My Horse Story
Originally from Southern Africa, my family were keen competitors in Saddleseat Equitation and jumping. Horses were part of my story and I was desperate to be around them.
In my school years I spent time working at dressage barns. I loved the idea of owning a warmblood but found off-the-track thoroughbreds to be more within my budget.
Back then, my money-making scheme was to take thoroughbreds and ‘flip’ them by retraining them and selling them on. My scheme was ruined when I met Beau. Beau was, in my opinion at the time, untrainable and unsellable. He was the only horse who would charge across his yard to attack a stable hand and on the same day faint from fear when tied in the wash bay. Beau found his way to me, as one of my very first teachers.
Where my thoroughbreds did succeed was in the eventing and jumping arenas, and I thoroughly enjoyed it. This gave me scope to start coaching at riding schools and clubs, open my own coaching business, and took me overseas to compete.
In 2016 my eventer, Rio, suffered a severe ligament injury.
A vet concluded that he would never return to work; however, I wasn’t ready to let Rio go, so I started down the path of learning about rehabilitation.
To keep competing, I got a chance to take on Joe.
Joe was perfect on paper; a higher-level jumper with national awards, well-travelled and the sweetest horse to handle. However, after our first season of jumping together, I was concerned about how he responded to my aids, and I wasn’t keen on how he incorporated bucking and rearing into his rounds. Advice like “put a bigger bit on him” was no longer working for me, and so I pulled back from the competition scene.
Here I was, with a full stable block of horses that had physical or mental issues. I was feeling lost.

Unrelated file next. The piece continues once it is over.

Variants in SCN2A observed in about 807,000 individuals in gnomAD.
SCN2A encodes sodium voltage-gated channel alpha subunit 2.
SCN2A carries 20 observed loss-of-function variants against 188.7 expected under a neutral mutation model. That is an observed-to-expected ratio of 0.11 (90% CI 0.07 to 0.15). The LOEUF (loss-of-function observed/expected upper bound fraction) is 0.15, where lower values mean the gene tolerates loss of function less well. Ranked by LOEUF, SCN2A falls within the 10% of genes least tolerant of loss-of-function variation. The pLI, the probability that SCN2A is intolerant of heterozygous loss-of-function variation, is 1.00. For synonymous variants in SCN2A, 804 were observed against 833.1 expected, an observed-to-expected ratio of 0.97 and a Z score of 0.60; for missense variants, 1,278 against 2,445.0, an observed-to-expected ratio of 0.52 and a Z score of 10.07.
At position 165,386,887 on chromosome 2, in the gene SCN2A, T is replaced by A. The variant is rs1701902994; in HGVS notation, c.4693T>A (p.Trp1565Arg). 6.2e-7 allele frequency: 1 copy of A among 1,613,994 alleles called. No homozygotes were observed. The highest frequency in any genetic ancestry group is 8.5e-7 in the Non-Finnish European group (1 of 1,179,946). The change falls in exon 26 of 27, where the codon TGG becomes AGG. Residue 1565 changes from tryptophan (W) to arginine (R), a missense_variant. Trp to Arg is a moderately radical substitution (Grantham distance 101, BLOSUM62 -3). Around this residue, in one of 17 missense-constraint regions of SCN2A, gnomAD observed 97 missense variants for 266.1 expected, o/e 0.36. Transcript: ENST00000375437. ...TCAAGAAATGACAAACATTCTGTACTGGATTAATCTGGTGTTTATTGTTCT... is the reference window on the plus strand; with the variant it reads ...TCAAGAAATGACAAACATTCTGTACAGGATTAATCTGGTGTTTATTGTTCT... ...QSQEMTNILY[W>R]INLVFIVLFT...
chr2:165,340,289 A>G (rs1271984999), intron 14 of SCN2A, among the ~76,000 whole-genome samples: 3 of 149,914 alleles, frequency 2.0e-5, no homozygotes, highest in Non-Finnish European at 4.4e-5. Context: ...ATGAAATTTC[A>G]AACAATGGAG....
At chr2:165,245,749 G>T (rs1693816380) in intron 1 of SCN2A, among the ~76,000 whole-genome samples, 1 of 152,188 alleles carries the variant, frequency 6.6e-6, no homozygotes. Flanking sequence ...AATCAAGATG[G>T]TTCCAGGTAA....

Understanding none of them would be able to jump in their current state, I went in search of a training method with focus on retraining and rehabilitation. One that would provide me explanations based on extensive scientific research and where the communities would welcome me with open arms. I found all of this in the classical training communities.
Immersing myself into the world of classical training assisted me in rehabilitating and retraining my horses into the strong, balanced and reliable partners I have today.
"...you don't throw a whole life away just 'cause he's banged up a little."
- Chris Cooper as Tom Smith, Seabiscuit (2003)
BSc, BEng(Hons), MIEAust, DipPM, MAIPM, DipLC, DipSportPsych, CertNLP
I am a qualified Scientist, Engineer, Project Manager and Coach (Equestrian, Sports Psychology, Neuro-linguistic Programming and Life Coach).
My recent corporate roles have been working on space capabilities, so yes, I can confirm training horses is more difficult than rocket science…
In the past, I was Head Coach at the National Equestrian Centre, and have spent time at riding clubs nationally and internationally. I am a current student of Belinda Bolsenbroek and Bettina Biolik. I also have to thank Marijke de Jong, Zaneta Georgiades, Karen Rohlf, Warwick Schiller, Stephen Dingwall, Andrew Hoy and many others for my equine education.
At the end of 2022, I became one of the only qualified Straightness Training Instructors in Australia.
Straightness Training is based on the systems of the ‘Old Grand Masters’, the founders of the classical training principles. The system aims to prepare the horse to carry a rider in a healthy way, developing them symmetrically in body and limbs, using gymnastic exercises to become strong and supple.
In future, I'll start back at university (again).
It’s so important to understand the inner workings of our horses, so we can best support them through their retraining or rehabilitation.
My current research interest is the long-term impacts of overriding dorsal spinous processes (‘kissing spines’) surgery on horses who have returned to work.
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Journey of Equine